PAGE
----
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Flamingo Watching 

Wherever the flamingo goes,
she brings a city’s worth
of furbelows. She seems
unnatural by nature—
too vivid and peculiar
a structure to be pretty,
and flexible to the point
of oddity. Perched on
those legs, anything she does
seems like an act. Descending
on her egg or draping her head
along her back, she’s
too exact and sinuous
to convince an audience
she’s serious. The natural elect,
they think, would be less pink,
less able to relax their necks,
less flamboyant in general.
They privately expect that it’s some
poorly jointed bland grey animal
with mitts for hands
whom God protects.


Who would be a turtle who could help it?
A barely mobile hard roll, a four-oared helmet,
she can ill afford the chances she must take
in rowing toward the grasses that she eats.
Her track is graceless, like dragging
a packing-case places, and almost any slope
defeats her modest hopes. Even being practical,
she’s often stuck up to the axle on her way
to something edible. With everything optimal,
she skirts the ditch which would convert
her shell into a serving dish. She lives
below luck-level, never imagining some lottery
will change her load of pottery to wings.
Her only levity is patience,
the sport of truly chastened things.

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Patience is
wider than one
once envisioned,
with ribbons
of rivers
and distant
ranges and
tasks undertaken
and finished
with modest
relish by
natives in their
native dress.
Who would
have guessed
it possible
that waiting
is sustainable—
a place with
its own harvests.
Or that in
time’s fullness
the diamonds
of patience
couldn’t be
from the genuine
in brilliance
or hardness.

Why We Must Struggle

If we have not struggled
as hard as we can
at our strongest
how will we sense
the shape of our losses
or know what sustains
us longest or name
what change costs us,
saying how strange
it is that one sector
of the self can step in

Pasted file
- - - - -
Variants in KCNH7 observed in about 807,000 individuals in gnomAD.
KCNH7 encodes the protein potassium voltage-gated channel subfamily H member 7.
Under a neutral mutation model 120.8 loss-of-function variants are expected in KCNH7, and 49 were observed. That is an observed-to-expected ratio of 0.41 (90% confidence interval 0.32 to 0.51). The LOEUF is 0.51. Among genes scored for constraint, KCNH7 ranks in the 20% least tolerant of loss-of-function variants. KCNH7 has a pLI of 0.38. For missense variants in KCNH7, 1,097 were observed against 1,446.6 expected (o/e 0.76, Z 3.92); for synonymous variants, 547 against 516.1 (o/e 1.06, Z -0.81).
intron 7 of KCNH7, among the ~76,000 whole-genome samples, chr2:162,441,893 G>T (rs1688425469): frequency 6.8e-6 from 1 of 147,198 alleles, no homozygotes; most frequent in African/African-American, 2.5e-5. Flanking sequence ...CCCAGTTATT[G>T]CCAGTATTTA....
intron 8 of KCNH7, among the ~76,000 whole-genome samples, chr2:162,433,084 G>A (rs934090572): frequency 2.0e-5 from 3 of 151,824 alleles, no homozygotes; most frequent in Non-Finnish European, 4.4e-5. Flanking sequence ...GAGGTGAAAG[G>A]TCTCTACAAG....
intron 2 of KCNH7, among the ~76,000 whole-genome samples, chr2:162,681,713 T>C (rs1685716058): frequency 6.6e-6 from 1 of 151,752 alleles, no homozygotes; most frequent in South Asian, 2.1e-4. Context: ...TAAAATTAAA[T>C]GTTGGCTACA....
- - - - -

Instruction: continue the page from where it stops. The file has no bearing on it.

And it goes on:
for another in trouble,
how loss activates
a latent double, how
we can feed
as upon nectar
upon need?

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They’re laughable
when we get there—
the ultimate articulations
of despair: trapped
in a tub filling with
our own tears; strapped
to a breadstick mast
a mouse could chew
down; hopping around
the house in paper shackles
wrist and ankle. It’s
always stagey. Being
lost is just one’s fancy—
some cloth, some paste—
the essence of flimsy.
Therefore we
double don’t know
why we don’t take off
the Crusoe rags, step
off the island, bow
from the waist, accept
your kudos.

Bruce J. Wood
Bruce J. Wood
Bruce J. Wood, founder of AOIDE Bruce J. Wood has worked on Wall Street in business finance and strategy, and has written hundreds of finance business plans, strategic plans, economic feasibility studies, and economic impact studies. Bruce has lectured on creativity and strategic thinking, as well as worked on the development of numerous publishing, film, television, and performing arts projects, along with downtown revitalizations, using the arts as an economic catalyst. As an aficionado of music, art, and dance, Bruce is also a writer and an outdoor enthusiast. He has written poetry, blogs, articles, and many creative project concepts. He lives in the Metro Detroit area and enjoys writing poetry, backpacking, and ballroom dancing.